Psychological evaluations can help clarify the WHY of an individual’s behavior. For settings to include schools, juvenile justice, social services, mental health, and others, it is particularly important to understand the individual’s strengths and needs in relation to others within his/her environment. In the case of parental capacity evaluations, threat risk assessments, and psychosexual evaluations the questions to be answered involve the interaction between the individual’s psychological functioning and his/her risk to themselves and others. PSYchoDynamics will provide a comprehensive report to include relevant recommendations based on a thorough review of collateral information, a clinical interview and mental status examination, a psychosocial history, administered standardized psychological testing, and (in some cases) an assessment of risk.

All PSYchoDynamics psychological evaluations, parental capacity evaluations, threat risk assessments, and psychosexual assessments will also include a Well Care assessment. From this approach, PSYchoDynamics assessments can assist referring agencies in developing relevant and meaningful treatment plans specific to the “real life” concerns of their clients. In so doing, applied interventions are likely to be more effective, with more client and family engagement, improved responsivity, and quicker and more long-term relapse prevention and benefit to the client and the community. Altogether PSYchoDynamics assessments provide the WHY and HOW in meeting the complex needs of individuals and families in a way that is cost effective and beneficial to the client and his/her larger community.

WHAT TO EXPECT FROM THE ASSESSMENT

PSYCHOLOGICAL EVALUATON

To have an assessment of an individual’s level of functioning to include personality, trauma, and estimated IQ.

THREAT RISK ASSESSMENT

Client is presenting in the school setting with some level of threatening behavior.

PSYCHOSEXUAL EVALUATION

Adjudicated or non-adjudicated youth 13 to 17 years of age who are presenting with sexually abusive behaviors in which:

  • the other person was not consenting (or was unable to consent), or
  • the behavior would be defined as illegal in the jurisdiction in which it occurred.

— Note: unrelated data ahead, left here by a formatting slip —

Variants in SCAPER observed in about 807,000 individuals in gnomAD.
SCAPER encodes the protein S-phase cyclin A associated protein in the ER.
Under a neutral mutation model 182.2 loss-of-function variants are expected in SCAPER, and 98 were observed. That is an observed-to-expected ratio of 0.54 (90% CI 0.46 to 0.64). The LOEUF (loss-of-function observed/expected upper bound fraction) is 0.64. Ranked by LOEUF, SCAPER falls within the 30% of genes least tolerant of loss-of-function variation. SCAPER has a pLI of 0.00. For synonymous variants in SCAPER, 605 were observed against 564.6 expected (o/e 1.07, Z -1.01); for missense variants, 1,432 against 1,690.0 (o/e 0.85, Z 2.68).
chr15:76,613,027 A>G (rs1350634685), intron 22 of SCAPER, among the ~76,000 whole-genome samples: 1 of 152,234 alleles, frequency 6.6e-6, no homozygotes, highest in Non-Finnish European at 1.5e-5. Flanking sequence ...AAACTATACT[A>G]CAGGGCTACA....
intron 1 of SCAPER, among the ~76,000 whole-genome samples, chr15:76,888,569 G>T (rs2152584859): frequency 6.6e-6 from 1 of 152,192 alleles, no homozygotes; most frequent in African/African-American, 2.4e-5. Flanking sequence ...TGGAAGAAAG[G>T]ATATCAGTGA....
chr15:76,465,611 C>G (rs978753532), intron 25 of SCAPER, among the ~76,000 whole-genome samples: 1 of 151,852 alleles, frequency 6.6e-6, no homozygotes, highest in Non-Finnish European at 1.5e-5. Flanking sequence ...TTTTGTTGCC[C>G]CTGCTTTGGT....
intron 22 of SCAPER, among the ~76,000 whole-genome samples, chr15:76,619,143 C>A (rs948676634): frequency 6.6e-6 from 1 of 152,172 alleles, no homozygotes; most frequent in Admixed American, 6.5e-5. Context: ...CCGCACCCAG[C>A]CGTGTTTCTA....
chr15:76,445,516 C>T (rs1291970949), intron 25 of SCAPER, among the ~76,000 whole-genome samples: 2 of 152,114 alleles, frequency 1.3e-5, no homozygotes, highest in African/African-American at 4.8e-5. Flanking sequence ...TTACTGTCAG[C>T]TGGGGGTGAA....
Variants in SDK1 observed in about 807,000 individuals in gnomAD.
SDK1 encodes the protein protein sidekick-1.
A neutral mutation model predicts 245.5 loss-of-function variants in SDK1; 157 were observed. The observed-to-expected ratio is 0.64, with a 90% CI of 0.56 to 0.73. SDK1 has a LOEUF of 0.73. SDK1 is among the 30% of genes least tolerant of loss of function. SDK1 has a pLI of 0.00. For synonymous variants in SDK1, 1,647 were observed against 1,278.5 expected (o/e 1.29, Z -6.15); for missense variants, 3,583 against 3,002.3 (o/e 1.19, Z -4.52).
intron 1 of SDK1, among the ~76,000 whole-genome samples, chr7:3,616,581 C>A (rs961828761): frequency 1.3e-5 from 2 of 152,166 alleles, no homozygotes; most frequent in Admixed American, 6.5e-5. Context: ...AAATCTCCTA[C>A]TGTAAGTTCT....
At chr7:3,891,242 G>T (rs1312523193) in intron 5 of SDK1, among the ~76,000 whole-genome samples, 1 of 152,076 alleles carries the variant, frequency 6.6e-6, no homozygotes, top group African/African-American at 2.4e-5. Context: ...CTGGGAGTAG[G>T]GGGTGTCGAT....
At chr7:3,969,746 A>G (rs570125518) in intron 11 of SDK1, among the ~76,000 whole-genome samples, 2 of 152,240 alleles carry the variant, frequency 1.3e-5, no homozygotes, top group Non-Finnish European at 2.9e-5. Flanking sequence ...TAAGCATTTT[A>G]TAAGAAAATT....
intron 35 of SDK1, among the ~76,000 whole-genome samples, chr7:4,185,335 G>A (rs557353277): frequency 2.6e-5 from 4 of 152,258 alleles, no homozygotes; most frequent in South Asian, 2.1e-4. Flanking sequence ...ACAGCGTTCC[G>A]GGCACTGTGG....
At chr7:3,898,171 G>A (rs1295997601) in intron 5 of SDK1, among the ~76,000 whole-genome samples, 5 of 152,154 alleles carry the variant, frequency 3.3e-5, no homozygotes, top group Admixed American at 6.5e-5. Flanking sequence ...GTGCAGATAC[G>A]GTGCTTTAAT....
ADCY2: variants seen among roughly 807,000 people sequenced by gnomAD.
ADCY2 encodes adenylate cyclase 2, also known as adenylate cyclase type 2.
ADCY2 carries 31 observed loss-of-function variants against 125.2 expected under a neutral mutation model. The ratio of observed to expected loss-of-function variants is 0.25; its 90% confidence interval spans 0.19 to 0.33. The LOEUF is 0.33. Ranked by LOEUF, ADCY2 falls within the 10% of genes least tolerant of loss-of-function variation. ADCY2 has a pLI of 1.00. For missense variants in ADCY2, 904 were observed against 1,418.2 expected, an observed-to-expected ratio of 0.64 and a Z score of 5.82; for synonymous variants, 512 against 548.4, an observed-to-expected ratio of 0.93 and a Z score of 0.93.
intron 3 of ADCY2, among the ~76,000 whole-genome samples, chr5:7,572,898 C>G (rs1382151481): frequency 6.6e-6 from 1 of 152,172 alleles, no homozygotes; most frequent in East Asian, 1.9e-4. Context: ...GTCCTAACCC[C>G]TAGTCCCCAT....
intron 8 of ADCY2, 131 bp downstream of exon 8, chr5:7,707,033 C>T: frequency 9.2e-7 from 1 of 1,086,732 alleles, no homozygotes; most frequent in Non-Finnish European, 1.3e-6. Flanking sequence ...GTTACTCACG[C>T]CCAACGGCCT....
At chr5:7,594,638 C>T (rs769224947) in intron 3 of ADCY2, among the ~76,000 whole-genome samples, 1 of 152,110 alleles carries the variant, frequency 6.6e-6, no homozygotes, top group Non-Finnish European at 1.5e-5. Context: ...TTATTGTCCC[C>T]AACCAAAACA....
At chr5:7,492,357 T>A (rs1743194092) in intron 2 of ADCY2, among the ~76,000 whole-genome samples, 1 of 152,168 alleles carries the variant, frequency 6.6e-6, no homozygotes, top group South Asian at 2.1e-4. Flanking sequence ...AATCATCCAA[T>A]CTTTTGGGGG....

• This may include hands off offenses such as peeping, indecent exposure or “sexting”.

PARENTAL CAPACITY EVALUATION

There are questions about the parents’ ability to provide for the child(ren)’s welfare.

PSYCHOLOGICAL EVALUATION

  1. To understand possible underlying reasons for an individual’s current behavioral, social, or emotional difficulties.
  2. To diagnosis identified mental health issues.
  3. If there is a question of a learning disability, intellectual disability or a neurodevelopmental disorder, additional cognitive and/or achievement testing is available upon request.
  4. To identify an individual’s current needs and strengths for the purpose of treatment planning, placement, and/or case management.

THREAT RISK ASSESSMENT

  1. What are the personality traits and behaviors, and factors within the social environment, home, and/or school that may be contributing to the threatening behavior?
  2. What is the youth’s motivation, intention, ability and means to carry out a threat of violence?
  3. What interventions are recommended in order to address the underlying issues that led to the specific threat?

PSYCHOSEXUAL EVALUATION

Considers the youth’s Risk, Needs and Responsivity:

  1. What is the individual’s estimated risk to repeat his or her sexually abusive behaviors?
  2. What are the criminogenic or dynamic factors contributing to the individual’s risk?
  3. What is the individual’s amenability to treatment?
  4. What are the individual’s strengths and needs that impact his/her ability to benefit from treatment?
  5. What factors within the individual, his family, support system, and community are supporting or mitigating his/her risk?
  6. What is the level of treatment and supervision that will be most beneficial to the individual and to the community?

PARENTAL CAPACITY EVALUATION

  1. What are the parents’ strengths and limitations in being a “good enough” parent to the specific child(ren)?
  2. What developmental needs (emotional, physical, behavioral, social, cognitive, and cultural) of the child(ren) are most supported or most vulnerable in relation to the parent’s apparent resources?